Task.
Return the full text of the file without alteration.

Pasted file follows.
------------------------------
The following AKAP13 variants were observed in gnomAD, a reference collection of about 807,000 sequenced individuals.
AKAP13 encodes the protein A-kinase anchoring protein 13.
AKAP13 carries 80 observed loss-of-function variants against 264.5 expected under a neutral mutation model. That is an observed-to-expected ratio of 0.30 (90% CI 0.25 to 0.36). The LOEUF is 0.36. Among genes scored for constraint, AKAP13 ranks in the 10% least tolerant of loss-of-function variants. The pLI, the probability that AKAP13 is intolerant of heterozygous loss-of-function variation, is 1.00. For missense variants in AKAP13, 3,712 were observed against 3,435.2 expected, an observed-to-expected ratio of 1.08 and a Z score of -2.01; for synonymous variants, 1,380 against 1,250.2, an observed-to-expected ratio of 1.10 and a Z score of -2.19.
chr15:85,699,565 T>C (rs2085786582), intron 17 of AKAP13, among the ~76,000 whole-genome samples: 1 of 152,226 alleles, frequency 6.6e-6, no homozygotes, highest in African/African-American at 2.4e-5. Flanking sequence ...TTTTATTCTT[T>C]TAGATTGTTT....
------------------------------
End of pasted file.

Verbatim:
The following AKAP13 variants were observed in gnomAD, a reference collection of about 807,000 sequenced individuals.
AKAP13 encodes the protein A-kinase anchoring protein 13.
AKAP13 carries 80 observed loss-of-function variants against 264.5 expected under a neutral mutation model. That is an observed-to-expected ratio of 0.30 (90% CI 0.25 to 0.36). The LOEUF is 0.36. Among genes scored for constraint, AKAP13 ranks in the 10% least tolerant of loss-of-function variants. The pLI, the probability that AKAP13 is intolerant of heterozygous loss-of-function variation, is 1.00. For missense variants in AKAP13, 3,712 were observed against 3,435.2 expected, an observed-to-expected ratio of 1.08 and a Z score of -2.01; for synonymous variants, 1,380 against 1,250.2, an observed-to-expected ratio of 1.10 and a Z score of -2.19.
chr15:85,699,565 T>C (rs2085786582), intron 17 of AKAP13, among the ~76,000 whole-genome samples: 1 of 152,226 alleles, frequency 6.6e-6, no homozygotes, highest in African/African-American at 2.4e-5. Flanking sequence ...TTTTATTCTT[T>C]TAGATTGTTT....